Female life expectancy is «S0+ years, therefore many women will live 40% of their lives in menopause. I bis cohort represents a large number of the patients that present in clinical practices. Therefore we must be aware of the implications that reduced hormones have on the periodontal tissues «is well as the systemic changes that may manifest.
Throughout a woman's lifetime, the number of oocytes steadily diminishes. Menopause is associated with symptoms of estrogen deficiency. Estradiol levels fall gradually in the years before menopause. Levels ol thegonadotophins ISII and I II begin to rise, and levels of sex hormones begin to fluctuate. I bis stage of "peri-menopause" is characterized by increasing ovarian unresponsiveness, therefore sporadic ovulation ensues. Anovulatory cycles indicate low estradiol and progesterone because ot absent corpus luteum function.
Important to the clinician is recognition ot the effec t ol hormonal alterations on the oral cavity as well as systemic and psychologic changes. Oral changes in menopause include thinning of the oral mucosa, oral discomfort ("burning mouth"), gingival recession, xerostomia, altered taste sensation, alveolar bone loss, and alveolar ridge resorption.
Fluctuations of sex hormones during menopause have been implicated as factors in inflammatory changes in the human gingiva, hypertrophy, or atrophy. Istrogen affects cellular proliferation, differentiation, and kera-tinization of the gingival epithelium. Hormone receptors have been identified in basal and spinous layers of the epithelium and connective tissue/ implicating gingiva and other oral tissues as targets to manifest hormone de-tidencies. Sex steroids are known to have a direct effect on connective tissue, with estrogens increasing the intracellular fluid content. I strogen deficiency can lead to a reduction in collagen formation in connective tissues, resulting in a decrease in skin thickness."' Alterations in collagen affect tissues such .is joints, hair, nails, and glands. In 1996, Mohammed et al noted significant increased recession in postmenopausal patients with low bone density. 1
Osteopenia and osteoporosis have been associated with the menopausal patient. Osteopenia is a reduction in bone mass due to an imbalance between bone resorption and formation, favoring resorption and resulting in deminerali/ation and osteoporosis. Osteoporosis is a disease characterized by low bone mass and fragility and a consequent increase in fracture risk."1 In most women, peak bone mass oii urs between 20 to AO years of age and declines from this point. Menopause accelerates declining bone mass.8" It is estimated that 25 million Americans are affected with osteoporosis, of whom .80% art.' female. Ongoing studies are examining the association of postmenopausal primary osteoporosis with mandibular/ maxillary bone mineral density, tooth loss, alveolar ridge atrophy, and clinical periodontal attachment loss, l he effects of hormone replacement therapy (IIK1 > or estrogen replacement therapy (UKD on the oral bone and tooth loss is under investigation. Much of the latest evidence points to an probable association between osteoporosis and tooth loss as well as alveolar hone loss/0"'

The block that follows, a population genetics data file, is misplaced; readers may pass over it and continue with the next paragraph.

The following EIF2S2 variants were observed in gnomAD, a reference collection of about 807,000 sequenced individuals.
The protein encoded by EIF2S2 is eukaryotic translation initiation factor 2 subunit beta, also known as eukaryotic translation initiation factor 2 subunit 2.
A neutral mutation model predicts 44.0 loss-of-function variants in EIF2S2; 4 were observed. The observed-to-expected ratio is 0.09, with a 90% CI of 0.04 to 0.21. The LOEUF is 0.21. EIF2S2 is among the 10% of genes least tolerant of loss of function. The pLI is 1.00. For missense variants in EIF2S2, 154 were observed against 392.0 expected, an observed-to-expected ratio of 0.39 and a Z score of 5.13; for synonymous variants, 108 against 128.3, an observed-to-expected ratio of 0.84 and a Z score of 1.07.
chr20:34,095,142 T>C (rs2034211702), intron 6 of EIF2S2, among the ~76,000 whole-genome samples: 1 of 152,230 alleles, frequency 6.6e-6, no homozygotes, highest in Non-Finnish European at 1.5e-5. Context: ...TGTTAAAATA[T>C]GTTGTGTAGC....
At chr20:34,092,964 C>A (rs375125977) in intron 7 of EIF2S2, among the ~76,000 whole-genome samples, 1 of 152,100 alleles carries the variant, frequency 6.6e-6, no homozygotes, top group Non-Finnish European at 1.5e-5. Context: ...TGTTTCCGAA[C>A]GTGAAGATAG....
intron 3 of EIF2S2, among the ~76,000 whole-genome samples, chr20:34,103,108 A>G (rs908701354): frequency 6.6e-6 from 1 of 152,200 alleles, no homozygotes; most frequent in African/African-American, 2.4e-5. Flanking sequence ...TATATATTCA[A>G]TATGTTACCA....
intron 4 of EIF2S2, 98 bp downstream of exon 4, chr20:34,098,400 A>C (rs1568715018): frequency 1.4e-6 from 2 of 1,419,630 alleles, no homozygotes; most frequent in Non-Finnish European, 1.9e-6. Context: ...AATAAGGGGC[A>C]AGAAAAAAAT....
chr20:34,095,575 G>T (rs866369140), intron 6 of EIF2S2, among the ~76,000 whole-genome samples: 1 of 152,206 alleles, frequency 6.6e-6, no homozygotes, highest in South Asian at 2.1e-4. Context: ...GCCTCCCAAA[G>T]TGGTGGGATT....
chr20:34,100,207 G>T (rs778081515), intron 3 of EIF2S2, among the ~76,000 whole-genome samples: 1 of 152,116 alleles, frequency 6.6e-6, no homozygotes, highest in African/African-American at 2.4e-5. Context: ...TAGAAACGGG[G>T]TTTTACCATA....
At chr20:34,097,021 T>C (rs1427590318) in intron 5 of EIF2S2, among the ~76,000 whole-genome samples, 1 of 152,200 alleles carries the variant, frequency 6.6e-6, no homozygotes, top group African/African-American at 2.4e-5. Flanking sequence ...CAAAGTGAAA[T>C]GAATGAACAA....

Clinical Management li is the clinician's responsibility to review the patient's medical history and keep information up to date. Due to possible alterations in oral soft and osseous tissues during perimenopause and postmenopausc. appropriate questioning regarding hormone changes should be performed and documented. A myriad of therapies lor IIKT/I KI lire available, from prescriptions to holistic approaches that need to be followed. Many medications may alter clotting times, prolong other medications, and interfere with absorption or effectiveness ol prescription medications.
If gingival and mucosal tissue thinning occurs, soft tissue augmentation may be performed. Brushing with «in extra-soft toothbrush using the toe or heal of the brush may prevent "scrubbing" the thinning gingiva. Dentifrices with minimal abrasive particles should be used. Rinses should have low alcohol concentrations During periodontal maintenance, root surfaces should be debrided gently with minimal soli tissue trauma. Oral pain may be from thinning tissues, xerostomia, inadequate nutritional intake, or hormone depletion. It has been noted that when patients with oral symptoms were placed on HUT. symptoms were significantly reduced.
II lhe patient is osteoporosis susceptible (menopausal, female, Caucasian or Asian, smoker, minimal physical activity, lowr calcium intake, thin build or low body weight 58 kg. systemic disease associated with predisposition, and genetic history), consult the patient's physician as to the risks versus benefits of I IK I/I K I and calcium/vitamin D supplementation lor the individual patient. Sodium fluoride, biphosphonates (alendronate),
524 PARTS " Treatment ofPeriodontal Disease
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